Using the HELOC
When setting up the HELOC, we usually suggest that you should have all money you want or need now should be on mortgage portions and money you want available for future use should be on Line of Credit portions. This is because typically the line of credit rate is higher than a mortgage rate, but also because the money sitting available to you doesn’t cost you anything if it is sitting on a line of credit. Line of Credit rates have been Prime + .5% (3.2% as of Aug 1, 2016) for about 6 years now and seem to be the going rate. However, as of now the going rate for a mortgage is 2.2% – 2.5%. Per $100,000 on a mortgage instead of a line of credit would save $700 – $1,000 per year. I’m always surprised to see clients with hundreds of thousands owing on a Line of credit with no intention of paying it off early as they’re paying much more in interest than necessary.
Many clients are taking advantage of the low borrowing rates to borrow money from their HELOC and using those funds to invest. One easy way a lot of our clients have been doing this is by borrowing money on their HELOC and investing in companies that lend out private money, backed by real estate. The returns to the investors are typically 6% – 10% depending on the risk of the fund which means that you could be making $3,000 – $6,000 simply by borrowing money from your line of credit at 3% and re-lending it out at 6% – 9%.
When investing, keep in mind that your return on investment tends to rise as the amount that you need to put into the investment drops. So if you have borrowed all of the money for an investment, technically the return is infinite. Borrowing money to invest comes with it’s own risks of course, but if you are looking to expand your portfolio, utilizing a HELOC could be a good
option. One of the reasons most of our real estate investors use this product is because they can borrow their 20% down from their HELOC and not need to have savings (since the line of credit is now the emergency savings).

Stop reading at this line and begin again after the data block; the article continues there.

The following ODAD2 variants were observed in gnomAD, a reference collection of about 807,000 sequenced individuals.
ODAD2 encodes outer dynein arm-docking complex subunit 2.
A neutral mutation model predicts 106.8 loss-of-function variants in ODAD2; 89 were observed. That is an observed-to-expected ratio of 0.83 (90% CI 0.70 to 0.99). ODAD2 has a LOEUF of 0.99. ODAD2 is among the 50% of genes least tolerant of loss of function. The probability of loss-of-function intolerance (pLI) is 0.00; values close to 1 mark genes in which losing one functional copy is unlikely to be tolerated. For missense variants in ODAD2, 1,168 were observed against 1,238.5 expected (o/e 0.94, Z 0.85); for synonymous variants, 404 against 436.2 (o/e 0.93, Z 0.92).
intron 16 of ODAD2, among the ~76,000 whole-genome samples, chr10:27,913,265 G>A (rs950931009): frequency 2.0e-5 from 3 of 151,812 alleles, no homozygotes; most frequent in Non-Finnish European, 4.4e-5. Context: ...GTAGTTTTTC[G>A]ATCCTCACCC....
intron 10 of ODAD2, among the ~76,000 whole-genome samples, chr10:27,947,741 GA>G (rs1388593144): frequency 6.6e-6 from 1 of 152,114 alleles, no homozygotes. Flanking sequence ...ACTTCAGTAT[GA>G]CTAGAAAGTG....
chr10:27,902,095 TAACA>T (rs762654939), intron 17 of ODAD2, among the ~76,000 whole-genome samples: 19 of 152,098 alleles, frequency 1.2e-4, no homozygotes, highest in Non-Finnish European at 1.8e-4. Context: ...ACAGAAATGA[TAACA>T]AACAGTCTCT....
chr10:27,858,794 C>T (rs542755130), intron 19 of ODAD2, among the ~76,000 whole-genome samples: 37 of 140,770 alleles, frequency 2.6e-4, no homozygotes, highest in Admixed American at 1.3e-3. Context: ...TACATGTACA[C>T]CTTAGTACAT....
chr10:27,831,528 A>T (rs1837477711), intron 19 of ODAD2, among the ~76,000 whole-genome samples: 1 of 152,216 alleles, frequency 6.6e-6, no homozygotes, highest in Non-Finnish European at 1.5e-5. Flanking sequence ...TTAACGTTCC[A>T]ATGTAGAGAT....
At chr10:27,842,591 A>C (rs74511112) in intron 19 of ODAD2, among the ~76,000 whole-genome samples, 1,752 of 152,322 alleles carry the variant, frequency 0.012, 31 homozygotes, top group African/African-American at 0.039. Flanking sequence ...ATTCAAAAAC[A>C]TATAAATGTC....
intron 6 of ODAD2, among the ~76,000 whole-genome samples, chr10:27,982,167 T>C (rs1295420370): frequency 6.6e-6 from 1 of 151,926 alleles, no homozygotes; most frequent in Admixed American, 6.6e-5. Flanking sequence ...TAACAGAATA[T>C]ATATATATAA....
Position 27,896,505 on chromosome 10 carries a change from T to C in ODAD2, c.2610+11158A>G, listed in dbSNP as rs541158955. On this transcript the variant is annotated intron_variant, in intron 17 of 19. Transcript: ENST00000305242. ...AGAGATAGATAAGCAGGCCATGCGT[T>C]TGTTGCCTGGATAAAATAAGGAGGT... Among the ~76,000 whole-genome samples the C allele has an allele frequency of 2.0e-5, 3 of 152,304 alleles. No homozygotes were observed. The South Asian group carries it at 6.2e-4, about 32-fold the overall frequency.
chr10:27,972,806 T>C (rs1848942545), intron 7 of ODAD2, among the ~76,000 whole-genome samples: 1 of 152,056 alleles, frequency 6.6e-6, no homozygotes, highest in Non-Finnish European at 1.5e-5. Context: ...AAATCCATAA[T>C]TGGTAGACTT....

The other really nice feature is that no longer do you have to decide whether you want to save up money to invest or pay down your debt. By paying down your mortgage debt, you are freeing up that same capital to be able to invest in the future and saving interest in the short term. Also, in the next section you will learn that by doing so you will also create tax savings for yourself too.
Although most clients set up their Home Equity Line of Credit with 1 mortgage and 1 line of credit product to start, most want the flexibility to be able to separate additional portions later on. Below is an example of how someone would slowly borrow money from their line of credit to purchase real estate and borrow their down payments from their line of credit.
This setup allows you to easily track each portion, and be able to indicate to your accountant which portions are tax deductible.
Yes, when you borrow money to invest, the interest cost is tax deductible! A book written by Victorian native Fraser Smith in the early 2000’s called the Smith Manoeuver popularized the idea and although it was based on borrowing to invest in stocks etc, the idea works just as well with real estate.
We had a client who was awarded $80,000 in an ICBC settlement and was going to use this cash for down payment for a rental. Instead, we recommend that she pre-pay her mortgage by $80,000, restructure the mortgage as a HELOC, and create a new portion for $80,000 which has now been borrowed for the down payment. Now she is able to write off about $2400 per year in interest which saves her about $800 per year in tax!
Is a Home Equity Line of Credit right for you?
Really, the only disadvantages are:
Restricting yourself to only lenders with this product. Many “non-bank” lenders that are exclusively available only through brokers have slightly lower rates than major banks but are not able to offer these kinds of products. If you are not intending on using the funds, it may not make sense to pay a “premium” on the mortgage rate.
Since these products are only available with major banks, breaking a mortgage like this mid-term may incur higher penalties as major banks calculate your penalty in a way that often costs 2 – 5 times more than non-bank lenders.
If you are not good with money, having money accessible to you may result in careless spending habits.
However, if you plan on investing in real estate or other investments or simply want access to funds for the future, this product could be a good fit!